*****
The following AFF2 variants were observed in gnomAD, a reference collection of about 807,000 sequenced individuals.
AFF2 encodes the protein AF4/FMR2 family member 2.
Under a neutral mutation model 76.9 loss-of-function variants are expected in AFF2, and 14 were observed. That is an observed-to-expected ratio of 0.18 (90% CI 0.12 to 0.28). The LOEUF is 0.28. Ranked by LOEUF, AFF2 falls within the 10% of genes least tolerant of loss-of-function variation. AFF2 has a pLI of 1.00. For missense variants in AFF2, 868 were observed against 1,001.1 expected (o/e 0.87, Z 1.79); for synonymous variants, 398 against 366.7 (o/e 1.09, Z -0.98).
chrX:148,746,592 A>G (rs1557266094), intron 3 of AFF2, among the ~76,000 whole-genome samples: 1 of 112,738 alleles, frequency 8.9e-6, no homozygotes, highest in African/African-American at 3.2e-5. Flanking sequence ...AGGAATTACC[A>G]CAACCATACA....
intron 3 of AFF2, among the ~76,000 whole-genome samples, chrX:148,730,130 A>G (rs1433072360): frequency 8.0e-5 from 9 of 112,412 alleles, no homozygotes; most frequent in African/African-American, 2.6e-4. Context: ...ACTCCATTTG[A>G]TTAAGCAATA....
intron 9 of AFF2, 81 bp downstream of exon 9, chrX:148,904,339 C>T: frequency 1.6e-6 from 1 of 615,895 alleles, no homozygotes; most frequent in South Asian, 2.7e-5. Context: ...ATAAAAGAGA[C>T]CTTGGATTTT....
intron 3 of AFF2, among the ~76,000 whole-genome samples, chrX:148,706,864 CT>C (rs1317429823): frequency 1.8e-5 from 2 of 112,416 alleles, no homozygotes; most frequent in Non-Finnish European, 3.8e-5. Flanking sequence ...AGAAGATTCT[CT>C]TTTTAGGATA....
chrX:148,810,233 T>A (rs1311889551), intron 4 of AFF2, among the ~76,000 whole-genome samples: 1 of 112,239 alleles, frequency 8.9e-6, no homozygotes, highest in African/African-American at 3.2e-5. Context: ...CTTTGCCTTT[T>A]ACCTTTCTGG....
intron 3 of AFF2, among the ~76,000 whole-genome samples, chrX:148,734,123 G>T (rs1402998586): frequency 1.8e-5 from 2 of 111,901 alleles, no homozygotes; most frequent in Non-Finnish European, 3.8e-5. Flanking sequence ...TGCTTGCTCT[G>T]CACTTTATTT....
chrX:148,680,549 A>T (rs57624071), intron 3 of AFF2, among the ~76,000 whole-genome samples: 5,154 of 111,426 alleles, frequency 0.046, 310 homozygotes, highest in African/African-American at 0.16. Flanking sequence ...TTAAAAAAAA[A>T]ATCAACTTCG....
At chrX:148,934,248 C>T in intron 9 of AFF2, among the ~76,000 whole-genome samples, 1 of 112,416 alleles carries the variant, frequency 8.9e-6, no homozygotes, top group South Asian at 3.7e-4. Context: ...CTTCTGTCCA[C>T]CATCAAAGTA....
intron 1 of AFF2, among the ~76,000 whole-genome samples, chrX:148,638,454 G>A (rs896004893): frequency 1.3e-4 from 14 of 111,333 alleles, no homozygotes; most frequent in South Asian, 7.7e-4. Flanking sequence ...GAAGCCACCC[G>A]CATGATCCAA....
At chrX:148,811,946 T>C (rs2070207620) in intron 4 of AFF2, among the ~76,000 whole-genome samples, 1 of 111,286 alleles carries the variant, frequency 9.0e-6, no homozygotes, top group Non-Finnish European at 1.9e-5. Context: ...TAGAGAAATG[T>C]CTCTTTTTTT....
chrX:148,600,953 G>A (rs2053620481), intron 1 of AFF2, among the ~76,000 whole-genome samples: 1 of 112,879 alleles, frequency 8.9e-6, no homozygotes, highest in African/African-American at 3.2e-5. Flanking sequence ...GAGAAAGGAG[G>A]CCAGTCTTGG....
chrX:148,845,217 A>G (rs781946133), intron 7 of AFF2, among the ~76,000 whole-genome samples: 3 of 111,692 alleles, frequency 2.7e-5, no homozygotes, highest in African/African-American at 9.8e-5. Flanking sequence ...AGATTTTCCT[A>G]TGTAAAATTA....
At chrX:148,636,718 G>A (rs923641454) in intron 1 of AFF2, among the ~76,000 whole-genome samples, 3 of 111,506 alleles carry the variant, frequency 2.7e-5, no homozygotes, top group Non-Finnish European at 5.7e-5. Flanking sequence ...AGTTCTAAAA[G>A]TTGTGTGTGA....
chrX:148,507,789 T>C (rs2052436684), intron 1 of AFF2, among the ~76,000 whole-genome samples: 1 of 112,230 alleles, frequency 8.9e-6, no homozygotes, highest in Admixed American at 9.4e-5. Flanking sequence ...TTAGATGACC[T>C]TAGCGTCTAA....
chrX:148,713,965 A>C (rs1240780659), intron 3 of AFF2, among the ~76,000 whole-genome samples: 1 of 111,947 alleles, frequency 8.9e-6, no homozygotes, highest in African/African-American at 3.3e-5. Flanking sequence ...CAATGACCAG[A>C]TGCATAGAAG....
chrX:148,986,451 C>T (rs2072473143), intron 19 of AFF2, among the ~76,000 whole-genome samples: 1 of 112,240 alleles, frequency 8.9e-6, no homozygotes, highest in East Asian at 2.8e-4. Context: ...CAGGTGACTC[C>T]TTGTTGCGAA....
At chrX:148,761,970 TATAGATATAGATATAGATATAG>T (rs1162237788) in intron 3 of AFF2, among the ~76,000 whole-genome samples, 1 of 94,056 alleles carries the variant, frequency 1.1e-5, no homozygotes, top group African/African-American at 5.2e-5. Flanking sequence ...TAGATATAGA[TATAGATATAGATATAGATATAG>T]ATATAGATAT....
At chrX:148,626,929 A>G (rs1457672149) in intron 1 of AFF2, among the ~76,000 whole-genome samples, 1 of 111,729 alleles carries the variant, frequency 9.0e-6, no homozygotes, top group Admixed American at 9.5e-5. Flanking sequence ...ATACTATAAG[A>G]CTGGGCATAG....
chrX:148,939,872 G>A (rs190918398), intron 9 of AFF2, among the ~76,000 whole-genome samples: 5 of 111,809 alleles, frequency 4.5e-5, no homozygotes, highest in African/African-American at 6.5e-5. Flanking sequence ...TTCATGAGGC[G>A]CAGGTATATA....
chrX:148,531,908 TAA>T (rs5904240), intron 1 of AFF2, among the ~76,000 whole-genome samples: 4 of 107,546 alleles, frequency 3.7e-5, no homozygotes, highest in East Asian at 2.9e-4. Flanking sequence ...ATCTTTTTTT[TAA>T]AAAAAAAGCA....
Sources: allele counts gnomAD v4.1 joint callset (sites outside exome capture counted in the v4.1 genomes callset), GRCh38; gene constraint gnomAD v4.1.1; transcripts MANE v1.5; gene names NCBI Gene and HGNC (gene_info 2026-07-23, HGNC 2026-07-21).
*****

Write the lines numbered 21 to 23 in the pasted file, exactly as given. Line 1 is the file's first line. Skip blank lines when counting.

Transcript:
At chrX:148,626,929 A>G (rs1457672149) in intron 1 of AFF2, among the ~76,000 whole-genome samples, 1 of 111,729 alleles carries the variant, frequency 9.0e-6, no homozygotes, top group Admixed American at 9.5e-5. Flanking sequence ...ATACTATAAG[A>G]CTGGGCATAG....
chrX:148,939,872 G>A (rs190918398), intron 9 of AFF2, among the ~76,000 whole-genome samples: 5 of 111,809 alleles, frequency 4.5e-5, no homozygotes, highest in African/African-American at 6.5e-5. Flanking sequence ...TTCATGAGGC[G>A]CAGGTATATA....
chrX:148,531,908 TAA>T (rs5904240), intron 1 of AFF2, among the ~76,000 whole-genome samples: 4 of 107,546 alleles, frequency 3.7e-5, no homozygotes, highest in East Asian at 2.9e-4. Flanking sequence ...ATCTTTTTTT[TAA>T]AAAAAAAGCA....